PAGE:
This was in large part thanks to careful advice from my mom, who *is* a sewing expert. She was able to explain to me how to tailor a sweatshirt in the simplest way possible so that it would fit me correctly. And since most of us have some piece of clothing that doesn't fit right, I thought I'd share her tips on tailoring a sweatshirt with the greater public.
As a novice seamstress, I often reserve some of my unwanted clothing for such learning moments. In lieu of never wearing a piece of clothing again, I'll try to to custom tailor it, or I'll try to make it into something else. And if I mess it up, well, no big deal: I probably wasn't going to wear it again anyway, and now I have cleaning rags.
The sweatshirt in question fell into this category. And the tailoring process, described below, was a success.
How to Tailor a Sweatshirt Quickly and EasilyI spoke with my mom for advice on a simple fix. She's a sewing genius who runs a custom sewing and upholstery business. Did she know how to tailor a sweatshirt? Of course she knew how to tailor a sweatshirt. "How complicated of a job do you want to do?" she asked me. I'm pretty sure she knows I don't have a custom sew shop full of specialty machines, but, if I wanted, she was ready to give me all the details on how to do a true professional job. I told her that simpler was better, and I'd settle for a less-than-runway look if I could just learn how to tailor a sweatshirt on my own. I don't think she was offended -- she's my mom, so she has to love me, right? :)
She suggested taking it in at the sides and possibly at the arms. And with that, learning how to tailor a sweatshirt had begun! A small complication: the hoodie had *two* seams on each side, shown below. Luckily, this doesn't complicate the job, and doesn't change how to tailor a sweatshirt that has only one seam per side.
|The extra seam made tailoring my sweatshirt more complicated, but most sweatshirts have only one.|
To tailor a sweatshirt, first try on the shirt inside out. Grab the extra fabric on each side and carefully add pins where you'd like to tighten the fit. Turn it carefully right side out and try it on again (But carefully! There are pins!) to test your preliminary adjustments. Re-pin if you need to.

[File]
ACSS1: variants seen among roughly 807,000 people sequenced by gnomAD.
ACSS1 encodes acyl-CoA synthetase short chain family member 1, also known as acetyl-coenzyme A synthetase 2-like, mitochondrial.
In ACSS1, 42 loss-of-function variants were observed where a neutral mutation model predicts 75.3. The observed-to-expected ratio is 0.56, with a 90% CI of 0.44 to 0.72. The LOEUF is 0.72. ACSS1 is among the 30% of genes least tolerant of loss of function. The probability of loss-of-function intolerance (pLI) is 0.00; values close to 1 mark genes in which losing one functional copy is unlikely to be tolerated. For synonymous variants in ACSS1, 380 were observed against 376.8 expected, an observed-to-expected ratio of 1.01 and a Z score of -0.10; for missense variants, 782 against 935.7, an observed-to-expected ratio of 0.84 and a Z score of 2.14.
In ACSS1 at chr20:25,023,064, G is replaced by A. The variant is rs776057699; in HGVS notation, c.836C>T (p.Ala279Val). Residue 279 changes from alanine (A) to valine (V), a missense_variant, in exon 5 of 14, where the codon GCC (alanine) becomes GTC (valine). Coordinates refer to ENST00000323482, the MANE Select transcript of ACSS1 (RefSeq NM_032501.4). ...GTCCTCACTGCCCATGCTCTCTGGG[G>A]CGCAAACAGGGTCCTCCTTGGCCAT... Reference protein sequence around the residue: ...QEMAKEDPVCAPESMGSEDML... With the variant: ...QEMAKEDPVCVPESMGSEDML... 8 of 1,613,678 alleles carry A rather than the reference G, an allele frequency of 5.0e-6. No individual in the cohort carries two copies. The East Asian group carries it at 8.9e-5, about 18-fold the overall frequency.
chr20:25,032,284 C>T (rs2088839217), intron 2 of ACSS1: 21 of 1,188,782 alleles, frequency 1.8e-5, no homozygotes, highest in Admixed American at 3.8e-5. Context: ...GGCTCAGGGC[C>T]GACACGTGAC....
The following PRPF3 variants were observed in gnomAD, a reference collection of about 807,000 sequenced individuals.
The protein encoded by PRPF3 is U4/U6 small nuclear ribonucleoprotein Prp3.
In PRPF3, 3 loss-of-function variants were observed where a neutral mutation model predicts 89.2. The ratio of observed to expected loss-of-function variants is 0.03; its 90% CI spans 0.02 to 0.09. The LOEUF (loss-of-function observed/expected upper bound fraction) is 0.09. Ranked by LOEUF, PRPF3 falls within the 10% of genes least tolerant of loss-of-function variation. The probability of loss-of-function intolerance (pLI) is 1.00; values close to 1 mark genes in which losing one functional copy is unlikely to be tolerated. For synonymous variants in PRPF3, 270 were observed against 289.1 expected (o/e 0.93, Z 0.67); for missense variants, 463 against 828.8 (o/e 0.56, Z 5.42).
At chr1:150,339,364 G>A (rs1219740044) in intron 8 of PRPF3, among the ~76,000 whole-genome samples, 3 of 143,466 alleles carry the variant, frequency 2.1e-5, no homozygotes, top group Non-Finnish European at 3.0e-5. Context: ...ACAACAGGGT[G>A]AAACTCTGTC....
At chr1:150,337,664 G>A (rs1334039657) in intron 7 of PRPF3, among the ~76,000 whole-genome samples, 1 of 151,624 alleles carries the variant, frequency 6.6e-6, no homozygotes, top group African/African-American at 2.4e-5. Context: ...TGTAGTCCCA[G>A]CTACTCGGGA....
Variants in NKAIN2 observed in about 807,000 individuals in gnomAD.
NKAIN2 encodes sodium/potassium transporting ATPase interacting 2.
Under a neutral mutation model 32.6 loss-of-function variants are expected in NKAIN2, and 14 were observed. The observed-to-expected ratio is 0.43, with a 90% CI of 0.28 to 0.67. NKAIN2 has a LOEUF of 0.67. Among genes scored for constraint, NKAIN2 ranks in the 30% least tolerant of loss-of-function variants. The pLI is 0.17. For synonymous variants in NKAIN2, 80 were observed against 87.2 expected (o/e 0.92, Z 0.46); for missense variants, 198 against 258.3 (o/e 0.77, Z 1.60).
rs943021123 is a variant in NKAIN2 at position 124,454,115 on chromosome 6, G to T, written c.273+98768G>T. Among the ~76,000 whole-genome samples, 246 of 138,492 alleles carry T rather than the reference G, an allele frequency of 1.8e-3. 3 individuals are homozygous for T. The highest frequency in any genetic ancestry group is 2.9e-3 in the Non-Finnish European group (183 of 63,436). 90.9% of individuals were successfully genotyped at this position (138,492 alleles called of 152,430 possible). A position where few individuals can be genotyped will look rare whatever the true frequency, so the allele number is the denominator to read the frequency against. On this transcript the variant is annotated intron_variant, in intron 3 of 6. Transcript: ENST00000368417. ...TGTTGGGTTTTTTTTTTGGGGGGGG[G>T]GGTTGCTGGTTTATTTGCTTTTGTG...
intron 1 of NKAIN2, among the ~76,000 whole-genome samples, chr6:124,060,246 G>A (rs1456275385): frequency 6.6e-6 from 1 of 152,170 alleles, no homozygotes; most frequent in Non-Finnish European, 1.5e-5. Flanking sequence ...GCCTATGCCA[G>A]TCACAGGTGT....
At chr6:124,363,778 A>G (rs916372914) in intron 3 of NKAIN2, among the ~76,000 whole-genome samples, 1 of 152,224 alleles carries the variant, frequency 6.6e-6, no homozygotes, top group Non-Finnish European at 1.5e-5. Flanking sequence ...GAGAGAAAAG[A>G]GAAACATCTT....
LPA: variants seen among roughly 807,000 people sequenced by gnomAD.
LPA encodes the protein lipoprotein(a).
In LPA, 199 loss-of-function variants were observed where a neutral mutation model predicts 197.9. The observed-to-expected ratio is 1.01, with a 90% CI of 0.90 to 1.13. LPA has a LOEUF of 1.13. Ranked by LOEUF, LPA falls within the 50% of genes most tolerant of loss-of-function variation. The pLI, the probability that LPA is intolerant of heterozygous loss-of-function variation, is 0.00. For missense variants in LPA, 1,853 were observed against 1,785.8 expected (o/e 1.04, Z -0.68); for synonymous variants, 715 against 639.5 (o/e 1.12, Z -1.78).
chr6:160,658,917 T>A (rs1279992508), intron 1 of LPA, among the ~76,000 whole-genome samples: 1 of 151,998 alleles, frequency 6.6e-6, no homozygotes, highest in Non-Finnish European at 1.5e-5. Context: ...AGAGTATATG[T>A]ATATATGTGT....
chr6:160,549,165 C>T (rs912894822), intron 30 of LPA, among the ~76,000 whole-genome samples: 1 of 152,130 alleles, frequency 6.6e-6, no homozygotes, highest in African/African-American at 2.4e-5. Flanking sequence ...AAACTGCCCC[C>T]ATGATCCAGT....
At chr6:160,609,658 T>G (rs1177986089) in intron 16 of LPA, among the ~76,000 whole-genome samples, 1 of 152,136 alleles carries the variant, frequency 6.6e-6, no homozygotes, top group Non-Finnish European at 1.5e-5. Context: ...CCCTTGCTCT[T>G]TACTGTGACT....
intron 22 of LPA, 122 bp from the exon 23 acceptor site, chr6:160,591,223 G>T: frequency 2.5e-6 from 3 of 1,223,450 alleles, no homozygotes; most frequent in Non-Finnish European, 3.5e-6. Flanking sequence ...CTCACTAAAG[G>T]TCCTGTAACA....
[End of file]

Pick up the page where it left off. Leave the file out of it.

Once you get it right, turn it inside out again and sew along the line you created with your pins, removing the pins before sewing over them. Again turn it right side out and try it on. If it looks right, cut off the excess fabric. If it doesn't look right, don't worry: you can use a seam ripper to remove the stitches, and you can re-sew a new seam.
Based on this approach, I decided to take in the far seam on each side by 1.5 inches. After pinning these seams and trying on the modified hoodie to confirm the fit, I used my sewing machine to make the changes permanent. I tapered the side seams as I approached the sleeve armpits, and I cut away the excess fabric, shown below.
|After sewing the seams, cut away the excess fabric.|
I repeated this process with the arms of the sweatshirt, taking them each in by 1 inch at the seam. Important note: For added reinforcement, it's helpful to make two parallel lines of stitching along any new seams you sew. You'll notice I didn't do this above: there's only one seam. After 3 years of good service, my single seam did break on the sleeve of the shirt. So DO make a double seam, even if you think you have the strongest thread on the planet.
I'd call the sweatshirt tailoring project a success! The resulting hoodie fits again, and I finally put it back to good use. I have another red hoodie just like the grey one, and I think I will make the same modifications to it as soon as possible. How to tailor a sweatshirt? Check and check.
I used this approach on another sweatshirt as well, if you'd like one more example: http://www.bakergal.com/2009/12/tailoring-sweatshirt-2.html